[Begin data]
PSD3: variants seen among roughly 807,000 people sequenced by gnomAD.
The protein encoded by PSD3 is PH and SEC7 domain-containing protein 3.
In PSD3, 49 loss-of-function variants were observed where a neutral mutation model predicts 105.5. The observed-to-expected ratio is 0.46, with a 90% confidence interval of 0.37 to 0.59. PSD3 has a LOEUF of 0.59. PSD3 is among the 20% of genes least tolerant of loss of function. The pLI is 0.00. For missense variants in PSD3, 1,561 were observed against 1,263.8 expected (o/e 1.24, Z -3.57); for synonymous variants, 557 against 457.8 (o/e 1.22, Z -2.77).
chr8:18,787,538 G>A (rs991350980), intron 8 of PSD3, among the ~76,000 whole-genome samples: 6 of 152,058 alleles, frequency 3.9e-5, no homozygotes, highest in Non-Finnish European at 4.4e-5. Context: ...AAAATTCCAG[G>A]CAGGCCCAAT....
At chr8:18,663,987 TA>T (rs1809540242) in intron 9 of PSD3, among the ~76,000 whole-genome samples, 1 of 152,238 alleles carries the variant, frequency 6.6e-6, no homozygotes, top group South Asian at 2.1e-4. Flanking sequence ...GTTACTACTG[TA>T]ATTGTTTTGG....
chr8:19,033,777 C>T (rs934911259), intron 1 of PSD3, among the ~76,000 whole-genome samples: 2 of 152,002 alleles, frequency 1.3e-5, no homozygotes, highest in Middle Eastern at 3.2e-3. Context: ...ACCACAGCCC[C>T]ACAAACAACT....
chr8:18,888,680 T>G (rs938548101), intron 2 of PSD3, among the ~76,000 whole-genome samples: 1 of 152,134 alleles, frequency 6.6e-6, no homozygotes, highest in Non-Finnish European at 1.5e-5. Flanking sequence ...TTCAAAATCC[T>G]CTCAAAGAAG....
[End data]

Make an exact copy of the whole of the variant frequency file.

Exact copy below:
PSD3: variants seen among roughly 807,000 people sequenced by gnomAD.
The protein encoded by PSD3 is PH and SEC7 domain-containing protein 3.
In PSD3, 49 loss-of-function variants were observed where a neutral mutation model predicts 105.5. The observed-to-expected ratio is 0.46, with a 90% confidence interval of 0.37 to 0.59. PSD3 has a LOEUF of 0.59. PSD3 is among the 20% of genes least tolerant of loss of function. The pLI is 0.00. For missense variants in PSD3, 1,561 were observed against 1,263.8 expected (o/e 1.24, Z -3.57); for synonymous variants, 557 against 457.8 (o/e 1.22, Z -2.77).
chr8:18,787,538 G>A (rs991350980), intron 8 of PSD3, among the ~76,000 whole-genome samples: 6 of 152,058 alleles, frequency 3.9e-5, no homozygotes, highest in Non-Finnish European at 4.4e-5. Context: ...AAAATTCCAG[G>A]CAGGCCCAAT....
At chr8:18,663,987 TA>T (rs1809540242) in intron 9 of PSD3, among the ~76,000 whole-genome samples, 1 of 152,238 alleles carries the variant, frequency 6.6e-6, no homozygotes, top group South Asian at 2.1e-4. Flanking sequence ...GTTACTACTG[TA>T]ATTGTTTTGG....
chr8:19,033,777 C>T (rs934911259), intron 1 of PSD3, among the ~76,000 whole-genome samples: 2 of 152,002 alleles, frequency 1.3e-5, no homozygotes, highest in Middle Eastern at 3.2e-3. Context: ...ACCACAGCCC[C>T]ACAAACAACT....
chr8:18,888,680 T>G (rs938548101), intron 2 of PSD3, among the ~76,000 whole-genome samples: 1 of 152,134 alleles, frequency 6.6e-6, no homozygotes, highest in Non-Finnish European at 1.5e-5. Flanking sequence ...TTCAAAATCC[T>G]CTCAAAGAAG....